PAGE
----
Moody's Expects Multi-Notch Downgrade Of Ireland, As Green Party Abdication Sends Irish CDS Wider On Day

Tyler Durden's picture

Earlier today Moody's finally woke up from its slumber, threatening it would do a "multi-notch downgrade, albeit one that would leave the country still with an investment grade rating", which the people who have made a business model of being behind the curve said is now the most likely outcome of the review of Ireland's sovereign credit rating. Moody's (which rates Ireland Aa2 and has the country on review for downgrade) said that an aid package from the European Union and the International Monetary Fund would shift the burden of supporting Ireland's banks onto the Irish sovereign, and would therefore be "a credit negative for Ireland." Apparently bankruptcy is not covered under the "credit negatives" for Ireland. And while what Moody's does or thinks is completely irrelevant, what the Irish Green party (whose prior opinion we presented in a very distinct clip last night) has announced it will quit the Irish government in January, leaving PM Brian Cowen without a majority in the government, and leaving the door open for elections, and thus a complete undoing of the bailout. Looks like yesterday's announcement will be the shortest rescue in history. CDS is already seeing that, as Irish CDS was last seen lifting offers of 520 and wider, after a 507 close on Friday. And Futures already following the action. It will be another busy day for Brian Sack.

On the Green Party abdication:

Ireland’s Green Party will quit the government after next month’s budget is passed and talks with the European Union on an aid plan are completed, leaving Prime Minister Brian Cowen without a majority in parliament.

The Green party plans to support the government’s budget and wants an election in January, leader John Gormley said at a press conference in Dublin today. Irish voters “feel misled” by the government, he said.

Ireland yesterday became the second euro-region state to ask for external help after surging costs to bail out the country’s banks pushed up the budget deficit and eroded investor confidence. The aid, which Irish officials said as recently as Nov. 15 they didn’t need, marks the latest blow to Cowen’s popularity, which has plunged as he raised taxes, cut public workers’ pay and pumped billions of euros into lenders.

“I suppose it’s not very surprising. It’s clear that the public are very fed up,” said Alan McQuaid, chief economist at Bloxham Stockbrokers in Dublin. “We need elections sooner rather than later. It makes sense for them to support the budget and then walk away.”

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Quinvarius's picture

Noise for exiting a trade.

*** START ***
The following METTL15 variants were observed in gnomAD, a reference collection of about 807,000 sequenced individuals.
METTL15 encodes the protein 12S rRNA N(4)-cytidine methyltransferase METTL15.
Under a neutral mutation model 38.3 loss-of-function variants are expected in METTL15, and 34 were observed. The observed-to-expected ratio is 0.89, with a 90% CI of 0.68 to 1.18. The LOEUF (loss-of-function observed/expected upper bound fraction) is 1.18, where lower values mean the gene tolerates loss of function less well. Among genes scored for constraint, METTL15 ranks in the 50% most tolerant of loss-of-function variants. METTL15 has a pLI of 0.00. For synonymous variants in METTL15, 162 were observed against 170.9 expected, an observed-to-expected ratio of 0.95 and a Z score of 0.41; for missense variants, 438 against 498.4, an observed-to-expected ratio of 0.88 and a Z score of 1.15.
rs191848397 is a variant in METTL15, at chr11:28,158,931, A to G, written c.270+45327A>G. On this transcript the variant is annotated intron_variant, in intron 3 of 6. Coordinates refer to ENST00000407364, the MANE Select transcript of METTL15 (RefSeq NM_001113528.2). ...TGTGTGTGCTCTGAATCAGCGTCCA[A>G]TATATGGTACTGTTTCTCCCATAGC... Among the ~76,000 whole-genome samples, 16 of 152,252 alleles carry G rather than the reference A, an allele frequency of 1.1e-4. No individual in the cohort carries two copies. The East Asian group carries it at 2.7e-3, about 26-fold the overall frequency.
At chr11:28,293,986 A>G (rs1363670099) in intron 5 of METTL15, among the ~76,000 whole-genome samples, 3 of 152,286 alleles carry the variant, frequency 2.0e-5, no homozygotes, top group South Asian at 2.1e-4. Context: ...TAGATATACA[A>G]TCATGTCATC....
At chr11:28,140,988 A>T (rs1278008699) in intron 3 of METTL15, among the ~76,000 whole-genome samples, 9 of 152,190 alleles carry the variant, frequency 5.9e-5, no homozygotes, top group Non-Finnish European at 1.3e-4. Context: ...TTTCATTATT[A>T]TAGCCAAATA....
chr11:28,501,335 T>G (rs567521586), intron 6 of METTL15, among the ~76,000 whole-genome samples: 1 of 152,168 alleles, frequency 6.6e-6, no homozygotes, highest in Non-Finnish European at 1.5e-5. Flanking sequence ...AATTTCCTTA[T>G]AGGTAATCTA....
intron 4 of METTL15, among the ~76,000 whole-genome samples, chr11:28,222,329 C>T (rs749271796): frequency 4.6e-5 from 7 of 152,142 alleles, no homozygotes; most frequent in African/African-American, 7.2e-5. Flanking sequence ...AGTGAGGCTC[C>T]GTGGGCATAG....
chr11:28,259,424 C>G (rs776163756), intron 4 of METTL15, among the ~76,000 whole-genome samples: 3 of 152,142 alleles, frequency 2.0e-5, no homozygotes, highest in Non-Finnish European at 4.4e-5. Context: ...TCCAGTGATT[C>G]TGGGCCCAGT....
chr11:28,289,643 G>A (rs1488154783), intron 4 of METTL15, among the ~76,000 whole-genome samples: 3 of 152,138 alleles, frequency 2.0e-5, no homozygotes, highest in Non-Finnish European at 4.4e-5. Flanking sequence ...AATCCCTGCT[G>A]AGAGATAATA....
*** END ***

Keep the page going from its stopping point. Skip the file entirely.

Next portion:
macholatte's picture


New Zealand's double-A credit rating has been put on notice for a possible downgrade.

John McCloy's picture

I'm with you...this bailout either never happens or is reversed. I have the pleasure of working with two Irish citizens who travel home frequently and let me tell you these folks are very astute and aware politcally.
They do not take their recent freedom for granted and I did not even have to explain to this woman the detriments of IMF and ECB involvement.
She and her entire family are aware that this is an atte
pt to socialize the losses of bankers here and other EU members. Luckily the Irish are not as distracted by the smoke and mirrors of reality tv and propaganda mainstream news to the extent we are here in the U.S. These announcements in my opinion are to calm markets te
porarily and gauge public reaction which will be fiercly opposed. Small population and minimal places to hide.

Drachma's picture

Everybody knows the solution to the sovereign debt crisis is...Foundation X. Zero vig and unlimited credit. I think Lord Bloackheath summed it up best:

Drachma's picture

Everybody knows the solution to the sovereign debt crisis is...Foundation X. Zero vig and unlimited credit. I think Lord Bloackheath summed it up best:

sandorgb's picture

if you cram enough debt down people's throats, eventually they will regurgitate.

Ras Bongo's picture

Gap and crap. LOL

M.B. Drapier's picture

Today's lurid rumour:

Fine Gael finance spokesman Michael Noonan said there may be conflict between European officials and the International Monetary Fund the restructuring of Ireland's banks.

Mr Noonan said the IMF may favour more burden sharing with bank bond holders than European officials as a condition of aiding Ireland.

jeff montanye's picture

bank bondholders, stockholders and management should be bearing the burden.  when oh when will this be?

Oh regional Indian's picture

People are actually still paying any attention at all to these ratings agencies. Even after the whole MBS/CDS scam having shown their role for what it is?

Crazy. Short attention span we have.


SheepDog-One's picture

Elections? I'd say what the need in Ireland is riots and the IRA.

spongeBOB's picture

here you go....

"According to RTE, Sinn Fein protestors try to enter Irish government buildings  "